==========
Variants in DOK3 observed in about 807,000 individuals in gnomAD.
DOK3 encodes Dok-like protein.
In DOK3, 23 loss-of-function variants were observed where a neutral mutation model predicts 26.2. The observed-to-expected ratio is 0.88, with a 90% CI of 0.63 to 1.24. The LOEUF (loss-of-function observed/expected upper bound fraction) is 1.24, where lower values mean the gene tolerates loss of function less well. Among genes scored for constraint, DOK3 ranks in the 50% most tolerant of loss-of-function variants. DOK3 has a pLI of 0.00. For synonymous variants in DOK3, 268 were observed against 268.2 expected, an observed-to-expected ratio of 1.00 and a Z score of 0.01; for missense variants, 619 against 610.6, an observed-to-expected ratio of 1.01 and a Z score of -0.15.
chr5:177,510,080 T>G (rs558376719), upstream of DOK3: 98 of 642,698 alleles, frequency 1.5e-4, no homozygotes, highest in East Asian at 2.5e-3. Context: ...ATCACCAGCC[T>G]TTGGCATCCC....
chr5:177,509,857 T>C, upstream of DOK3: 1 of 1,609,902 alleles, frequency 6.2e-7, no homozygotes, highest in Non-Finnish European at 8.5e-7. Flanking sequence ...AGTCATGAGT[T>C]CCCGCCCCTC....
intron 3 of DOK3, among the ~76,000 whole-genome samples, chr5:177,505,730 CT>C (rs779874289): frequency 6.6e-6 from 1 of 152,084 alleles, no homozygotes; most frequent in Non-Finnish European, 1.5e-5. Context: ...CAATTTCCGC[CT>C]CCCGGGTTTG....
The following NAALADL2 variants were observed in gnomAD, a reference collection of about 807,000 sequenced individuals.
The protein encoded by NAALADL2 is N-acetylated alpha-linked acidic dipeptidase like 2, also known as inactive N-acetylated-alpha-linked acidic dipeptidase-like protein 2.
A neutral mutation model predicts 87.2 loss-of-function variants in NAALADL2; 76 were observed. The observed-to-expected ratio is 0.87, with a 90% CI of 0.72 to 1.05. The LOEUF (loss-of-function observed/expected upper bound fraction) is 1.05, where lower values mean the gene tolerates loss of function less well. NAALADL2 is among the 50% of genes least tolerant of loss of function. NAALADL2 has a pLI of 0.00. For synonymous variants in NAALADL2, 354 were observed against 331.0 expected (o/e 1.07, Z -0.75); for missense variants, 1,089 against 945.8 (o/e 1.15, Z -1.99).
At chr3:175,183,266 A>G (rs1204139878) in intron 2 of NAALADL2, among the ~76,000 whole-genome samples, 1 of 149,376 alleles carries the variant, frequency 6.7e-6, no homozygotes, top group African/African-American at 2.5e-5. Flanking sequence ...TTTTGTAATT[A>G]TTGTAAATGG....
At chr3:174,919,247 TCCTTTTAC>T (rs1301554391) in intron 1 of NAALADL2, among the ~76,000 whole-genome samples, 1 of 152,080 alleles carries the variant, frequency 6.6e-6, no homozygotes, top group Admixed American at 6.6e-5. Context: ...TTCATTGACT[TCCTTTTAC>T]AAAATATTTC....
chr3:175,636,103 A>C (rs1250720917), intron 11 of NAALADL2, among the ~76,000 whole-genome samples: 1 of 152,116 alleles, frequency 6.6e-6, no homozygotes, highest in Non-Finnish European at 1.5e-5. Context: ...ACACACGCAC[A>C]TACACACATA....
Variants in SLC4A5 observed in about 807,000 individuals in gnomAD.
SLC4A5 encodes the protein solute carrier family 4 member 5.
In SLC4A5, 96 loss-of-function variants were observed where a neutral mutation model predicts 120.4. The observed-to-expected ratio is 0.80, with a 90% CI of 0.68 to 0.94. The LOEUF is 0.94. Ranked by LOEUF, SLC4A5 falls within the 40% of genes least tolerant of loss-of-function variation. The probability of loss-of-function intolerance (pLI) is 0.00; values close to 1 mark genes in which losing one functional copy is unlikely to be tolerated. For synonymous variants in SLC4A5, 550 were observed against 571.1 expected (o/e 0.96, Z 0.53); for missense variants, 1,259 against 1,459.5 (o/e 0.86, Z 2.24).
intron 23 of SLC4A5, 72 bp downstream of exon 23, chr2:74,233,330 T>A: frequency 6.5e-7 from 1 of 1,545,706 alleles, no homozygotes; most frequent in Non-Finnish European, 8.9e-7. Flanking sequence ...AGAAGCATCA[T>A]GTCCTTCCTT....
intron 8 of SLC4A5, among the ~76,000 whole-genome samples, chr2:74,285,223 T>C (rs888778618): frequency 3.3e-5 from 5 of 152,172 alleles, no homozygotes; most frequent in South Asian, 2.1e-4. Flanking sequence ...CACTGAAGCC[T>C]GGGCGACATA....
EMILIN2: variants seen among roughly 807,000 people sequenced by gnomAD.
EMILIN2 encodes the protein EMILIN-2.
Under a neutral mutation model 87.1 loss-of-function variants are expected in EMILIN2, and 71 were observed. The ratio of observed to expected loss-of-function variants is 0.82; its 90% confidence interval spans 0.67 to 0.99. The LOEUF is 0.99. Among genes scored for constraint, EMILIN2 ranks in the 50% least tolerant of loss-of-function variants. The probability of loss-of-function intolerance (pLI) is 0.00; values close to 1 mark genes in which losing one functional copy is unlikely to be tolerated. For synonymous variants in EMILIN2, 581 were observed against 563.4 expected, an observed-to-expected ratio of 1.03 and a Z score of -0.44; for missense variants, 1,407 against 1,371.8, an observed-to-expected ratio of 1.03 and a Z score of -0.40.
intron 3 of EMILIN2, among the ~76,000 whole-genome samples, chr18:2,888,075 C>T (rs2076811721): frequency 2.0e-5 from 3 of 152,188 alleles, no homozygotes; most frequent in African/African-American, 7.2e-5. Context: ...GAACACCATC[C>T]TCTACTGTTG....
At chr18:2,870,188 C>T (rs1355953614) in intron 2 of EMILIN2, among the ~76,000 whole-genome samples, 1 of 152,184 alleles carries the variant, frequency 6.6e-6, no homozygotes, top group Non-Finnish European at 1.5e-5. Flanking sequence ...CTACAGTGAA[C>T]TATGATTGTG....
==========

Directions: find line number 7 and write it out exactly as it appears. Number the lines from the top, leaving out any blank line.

The following NAALADL2 variants were observed in gnomAD, a reference collection of about 807,000 sequenced individuals.